Golf phenom Dakoda Dowd’s mother dies

may25_dowd_299x344_0.jpg
Dakoda Dowd with her mother, Kelly Jo, at the Ginn Open last year. Dakoda was only 13 when she played in the LPGA event.
Doug Benc/Getty Images

(AP) — Kelly Jo Dowd, a cancer-stricken mother whose dream of seeing
her teen daughter Dakoda play in an LPGA event drew widespread
attention when it was realized last spring, has died. She was 42.

She spent her final years battling breast, bone and liver
cancer, which spread to her brain in the final months of her life.
She died Thursday night at her home in Palm Harbor, Fla., a family
spokesman said.

Her death came just over a year after seeing her daughter play
in the Ginn Open in Reunion, Fla., when Dakoda, then 13, and her
family went public with their story, even knowing Kelly Jo’s death
was looming. Shortly before the tournament, the family was told
Kelly Jo would have only a few months to live.

“She’ll die knowing that she was loved,” Dakoda said in an
interview last year with The Associated Press.

Earlier this month, Dakoda, now 14, failed to advance in
qualifying for the U.S. Women’s Open, clearly distracted by her
mother’s rapidly failing health.

“It’s been so hard,” Dakoda said last month, “and my mom
fought even harder.”

Dakoda Dowd, one of the nation’s top-ranked junior golfers, was
invited to play in the 2006 tournament by Ginn officials, who were
moved when they heard the family’s story. Dowd shot a 2-over par 74
on the first day, beating a number of major-championship winners,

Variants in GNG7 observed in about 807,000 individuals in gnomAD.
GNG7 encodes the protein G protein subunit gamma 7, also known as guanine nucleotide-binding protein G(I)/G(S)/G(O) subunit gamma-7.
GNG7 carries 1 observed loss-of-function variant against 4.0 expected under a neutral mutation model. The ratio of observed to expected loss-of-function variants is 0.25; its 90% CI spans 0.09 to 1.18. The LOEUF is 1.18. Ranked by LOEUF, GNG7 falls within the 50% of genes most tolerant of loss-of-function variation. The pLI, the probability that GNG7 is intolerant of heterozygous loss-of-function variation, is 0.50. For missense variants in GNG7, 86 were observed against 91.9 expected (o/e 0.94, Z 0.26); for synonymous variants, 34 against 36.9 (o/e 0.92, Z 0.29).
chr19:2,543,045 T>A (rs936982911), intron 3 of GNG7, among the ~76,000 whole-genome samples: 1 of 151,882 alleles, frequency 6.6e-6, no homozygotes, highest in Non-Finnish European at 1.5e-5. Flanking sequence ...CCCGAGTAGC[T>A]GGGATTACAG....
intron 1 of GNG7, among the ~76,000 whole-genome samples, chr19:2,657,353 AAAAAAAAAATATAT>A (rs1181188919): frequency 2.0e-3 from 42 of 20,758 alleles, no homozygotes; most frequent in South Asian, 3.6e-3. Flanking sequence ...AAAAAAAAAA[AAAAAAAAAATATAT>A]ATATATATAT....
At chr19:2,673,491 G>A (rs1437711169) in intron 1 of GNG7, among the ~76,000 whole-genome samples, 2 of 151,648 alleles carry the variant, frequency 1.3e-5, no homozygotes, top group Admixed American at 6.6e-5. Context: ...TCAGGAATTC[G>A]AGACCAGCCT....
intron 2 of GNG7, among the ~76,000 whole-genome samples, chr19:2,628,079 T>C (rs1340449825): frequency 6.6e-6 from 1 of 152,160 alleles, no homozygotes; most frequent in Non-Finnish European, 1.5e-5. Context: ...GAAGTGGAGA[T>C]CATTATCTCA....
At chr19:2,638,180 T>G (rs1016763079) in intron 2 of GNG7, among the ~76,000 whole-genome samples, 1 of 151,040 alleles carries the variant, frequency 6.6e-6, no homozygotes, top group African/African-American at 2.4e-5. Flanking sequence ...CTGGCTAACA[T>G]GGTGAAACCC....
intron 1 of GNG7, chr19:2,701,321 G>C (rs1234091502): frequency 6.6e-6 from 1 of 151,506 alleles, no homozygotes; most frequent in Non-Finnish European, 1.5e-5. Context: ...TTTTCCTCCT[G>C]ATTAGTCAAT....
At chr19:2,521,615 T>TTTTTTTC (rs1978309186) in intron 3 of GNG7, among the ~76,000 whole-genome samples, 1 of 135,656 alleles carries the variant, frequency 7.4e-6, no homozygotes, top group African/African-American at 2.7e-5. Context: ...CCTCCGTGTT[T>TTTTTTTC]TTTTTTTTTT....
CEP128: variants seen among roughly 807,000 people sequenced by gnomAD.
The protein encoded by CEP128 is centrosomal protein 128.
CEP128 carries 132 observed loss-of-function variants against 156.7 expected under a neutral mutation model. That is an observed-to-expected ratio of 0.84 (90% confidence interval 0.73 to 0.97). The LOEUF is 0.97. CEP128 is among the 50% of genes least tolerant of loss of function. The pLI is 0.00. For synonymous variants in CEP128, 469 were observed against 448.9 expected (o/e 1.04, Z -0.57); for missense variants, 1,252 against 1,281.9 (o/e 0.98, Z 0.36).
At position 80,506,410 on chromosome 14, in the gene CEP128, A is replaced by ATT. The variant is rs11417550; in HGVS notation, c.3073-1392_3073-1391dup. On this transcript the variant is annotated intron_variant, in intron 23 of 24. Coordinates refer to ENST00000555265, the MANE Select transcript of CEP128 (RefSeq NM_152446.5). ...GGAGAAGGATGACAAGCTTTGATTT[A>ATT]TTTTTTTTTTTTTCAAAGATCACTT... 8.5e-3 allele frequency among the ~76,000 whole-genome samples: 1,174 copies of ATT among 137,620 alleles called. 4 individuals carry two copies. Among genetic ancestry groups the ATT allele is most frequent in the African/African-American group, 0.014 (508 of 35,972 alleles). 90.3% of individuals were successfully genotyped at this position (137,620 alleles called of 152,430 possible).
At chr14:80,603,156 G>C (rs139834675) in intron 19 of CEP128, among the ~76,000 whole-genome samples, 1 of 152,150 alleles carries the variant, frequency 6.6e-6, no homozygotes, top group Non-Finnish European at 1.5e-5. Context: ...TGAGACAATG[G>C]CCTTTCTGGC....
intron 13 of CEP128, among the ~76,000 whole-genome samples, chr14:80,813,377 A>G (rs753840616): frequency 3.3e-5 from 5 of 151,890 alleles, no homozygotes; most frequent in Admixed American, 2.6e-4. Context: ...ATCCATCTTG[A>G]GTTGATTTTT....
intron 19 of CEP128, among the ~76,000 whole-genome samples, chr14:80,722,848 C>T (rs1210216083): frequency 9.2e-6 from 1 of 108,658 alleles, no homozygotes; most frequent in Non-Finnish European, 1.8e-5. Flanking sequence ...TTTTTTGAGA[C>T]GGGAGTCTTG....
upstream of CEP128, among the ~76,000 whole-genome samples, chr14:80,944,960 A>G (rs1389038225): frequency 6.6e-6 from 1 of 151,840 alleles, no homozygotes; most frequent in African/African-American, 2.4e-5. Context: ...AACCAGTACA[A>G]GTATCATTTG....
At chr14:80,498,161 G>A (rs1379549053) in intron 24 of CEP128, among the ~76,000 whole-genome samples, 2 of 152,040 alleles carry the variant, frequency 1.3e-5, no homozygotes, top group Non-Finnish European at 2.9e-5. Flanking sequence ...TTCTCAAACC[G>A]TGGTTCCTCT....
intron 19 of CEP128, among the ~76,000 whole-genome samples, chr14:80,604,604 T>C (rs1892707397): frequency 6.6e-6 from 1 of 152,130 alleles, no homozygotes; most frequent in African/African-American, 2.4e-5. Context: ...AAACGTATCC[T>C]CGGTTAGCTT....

then shot 82 in the second round and missed the cut.

“I’m prouder today than I was yesterday that my daughter has
the courage and strength to play with these LPGA professionals,”
Kelly Jo said after that tournament. “And I feel great right now.
I feel great. My dream came true out here.”

The Dowd family chose to tell their story publicly with hopes
that Kelly Jo’s plight — she ignored a lump for several months
before being diagnosed with breast cancer, which she later thought
she beat — would be a strong reminder that women should be vigilant
in doing self-exams and getting checked regularly.

“I did something pretty stupid,” Kelly Jo said in a 2006
interview with the AP. “And the only way that I can let myself
feel better about it is if I know that people can learn from our
situation.”

Plus, the family spent much time trying to raise money for
groups like MakingMemories.org, which grants wishes to people who
have been diagnosed with terminal breast cancer.

A memorial service will be held Tuesday at Sylvan Abbey Funeral
Home in Clearwater, Fla.